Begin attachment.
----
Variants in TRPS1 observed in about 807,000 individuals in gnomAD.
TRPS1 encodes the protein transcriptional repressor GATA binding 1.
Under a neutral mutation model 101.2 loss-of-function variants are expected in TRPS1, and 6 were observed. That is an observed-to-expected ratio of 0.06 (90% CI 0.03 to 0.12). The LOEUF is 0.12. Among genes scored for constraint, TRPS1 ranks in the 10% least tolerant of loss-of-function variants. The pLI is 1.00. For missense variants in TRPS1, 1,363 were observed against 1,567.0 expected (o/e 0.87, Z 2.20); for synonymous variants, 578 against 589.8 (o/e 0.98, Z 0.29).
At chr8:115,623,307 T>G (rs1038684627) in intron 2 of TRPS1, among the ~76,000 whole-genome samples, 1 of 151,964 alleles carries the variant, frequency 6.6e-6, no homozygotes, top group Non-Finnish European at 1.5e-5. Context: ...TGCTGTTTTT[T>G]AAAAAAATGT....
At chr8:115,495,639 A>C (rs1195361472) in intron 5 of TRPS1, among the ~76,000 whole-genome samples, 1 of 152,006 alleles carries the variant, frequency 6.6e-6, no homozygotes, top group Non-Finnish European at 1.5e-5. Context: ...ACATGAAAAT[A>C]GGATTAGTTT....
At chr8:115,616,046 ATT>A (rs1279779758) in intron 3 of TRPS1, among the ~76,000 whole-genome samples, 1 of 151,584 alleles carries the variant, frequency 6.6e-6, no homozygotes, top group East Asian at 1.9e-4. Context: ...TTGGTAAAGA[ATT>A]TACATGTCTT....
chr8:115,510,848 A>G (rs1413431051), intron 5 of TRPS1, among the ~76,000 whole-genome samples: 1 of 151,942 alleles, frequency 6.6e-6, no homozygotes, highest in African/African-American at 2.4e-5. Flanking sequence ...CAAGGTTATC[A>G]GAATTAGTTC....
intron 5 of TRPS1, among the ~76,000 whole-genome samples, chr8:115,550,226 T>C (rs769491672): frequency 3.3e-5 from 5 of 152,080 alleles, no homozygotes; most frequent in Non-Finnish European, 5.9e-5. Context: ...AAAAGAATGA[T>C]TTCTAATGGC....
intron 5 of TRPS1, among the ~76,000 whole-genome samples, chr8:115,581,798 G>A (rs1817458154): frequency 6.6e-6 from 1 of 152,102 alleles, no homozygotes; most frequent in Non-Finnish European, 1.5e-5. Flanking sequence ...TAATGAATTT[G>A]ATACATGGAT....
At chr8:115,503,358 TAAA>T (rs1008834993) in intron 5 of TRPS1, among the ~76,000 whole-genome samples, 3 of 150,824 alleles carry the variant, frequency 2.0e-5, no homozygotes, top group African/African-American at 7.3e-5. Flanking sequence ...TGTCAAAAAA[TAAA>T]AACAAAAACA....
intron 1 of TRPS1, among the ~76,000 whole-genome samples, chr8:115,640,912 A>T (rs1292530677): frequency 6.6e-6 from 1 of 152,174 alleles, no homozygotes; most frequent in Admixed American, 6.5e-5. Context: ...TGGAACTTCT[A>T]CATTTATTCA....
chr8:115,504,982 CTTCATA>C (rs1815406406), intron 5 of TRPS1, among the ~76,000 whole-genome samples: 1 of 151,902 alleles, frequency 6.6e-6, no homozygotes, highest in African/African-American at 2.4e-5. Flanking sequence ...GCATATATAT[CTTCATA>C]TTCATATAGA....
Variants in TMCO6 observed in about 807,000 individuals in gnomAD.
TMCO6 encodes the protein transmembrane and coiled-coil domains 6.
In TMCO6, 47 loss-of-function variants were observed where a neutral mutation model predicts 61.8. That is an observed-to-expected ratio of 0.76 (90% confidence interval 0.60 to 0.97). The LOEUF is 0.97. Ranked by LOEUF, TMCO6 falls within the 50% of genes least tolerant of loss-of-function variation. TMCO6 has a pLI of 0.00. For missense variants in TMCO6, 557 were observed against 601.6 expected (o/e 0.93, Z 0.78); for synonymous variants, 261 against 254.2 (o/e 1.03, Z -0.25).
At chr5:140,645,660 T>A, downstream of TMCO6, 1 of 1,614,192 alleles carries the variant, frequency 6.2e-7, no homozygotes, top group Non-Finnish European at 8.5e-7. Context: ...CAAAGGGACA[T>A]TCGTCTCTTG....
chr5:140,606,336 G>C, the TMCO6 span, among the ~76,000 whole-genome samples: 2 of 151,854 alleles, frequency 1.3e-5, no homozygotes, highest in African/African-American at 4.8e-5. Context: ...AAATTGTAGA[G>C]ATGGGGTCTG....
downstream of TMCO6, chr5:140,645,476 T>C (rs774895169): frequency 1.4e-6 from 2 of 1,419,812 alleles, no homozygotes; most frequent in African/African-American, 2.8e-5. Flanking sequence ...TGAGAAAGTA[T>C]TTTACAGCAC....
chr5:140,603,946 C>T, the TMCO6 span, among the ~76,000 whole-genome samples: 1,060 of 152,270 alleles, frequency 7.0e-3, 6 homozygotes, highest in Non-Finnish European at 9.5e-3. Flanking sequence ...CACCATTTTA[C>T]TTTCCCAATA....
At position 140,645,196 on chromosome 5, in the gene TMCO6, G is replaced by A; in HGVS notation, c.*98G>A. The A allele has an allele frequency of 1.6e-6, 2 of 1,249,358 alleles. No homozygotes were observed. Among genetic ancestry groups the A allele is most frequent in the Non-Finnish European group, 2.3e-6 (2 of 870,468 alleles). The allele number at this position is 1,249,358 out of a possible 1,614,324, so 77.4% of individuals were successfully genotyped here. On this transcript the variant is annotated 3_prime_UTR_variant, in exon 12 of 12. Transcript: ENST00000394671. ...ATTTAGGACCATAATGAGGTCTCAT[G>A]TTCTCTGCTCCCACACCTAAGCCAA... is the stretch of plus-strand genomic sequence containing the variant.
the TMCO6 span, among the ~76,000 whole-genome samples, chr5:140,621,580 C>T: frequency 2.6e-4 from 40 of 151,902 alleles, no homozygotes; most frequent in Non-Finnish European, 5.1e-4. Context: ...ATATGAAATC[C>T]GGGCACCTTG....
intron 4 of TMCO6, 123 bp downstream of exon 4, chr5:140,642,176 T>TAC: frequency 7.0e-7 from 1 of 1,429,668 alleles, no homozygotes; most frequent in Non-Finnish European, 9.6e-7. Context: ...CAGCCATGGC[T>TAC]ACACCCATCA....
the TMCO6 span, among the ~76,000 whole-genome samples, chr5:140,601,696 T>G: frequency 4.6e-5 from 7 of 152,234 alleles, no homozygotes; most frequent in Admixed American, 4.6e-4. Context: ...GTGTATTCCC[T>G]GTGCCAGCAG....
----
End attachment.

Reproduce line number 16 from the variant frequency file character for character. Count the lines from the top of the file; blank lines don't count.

At chr5:140,645,660 T>A, downstream of TMCO6, 1 of 1,614,192 alleles carries the variant, frequency 6.2e-7, no homozygotes, top group Non-Finnish European at 8.5e-7. Context: ...CAAAGGGACA[T>A]TCGTCTCTTG....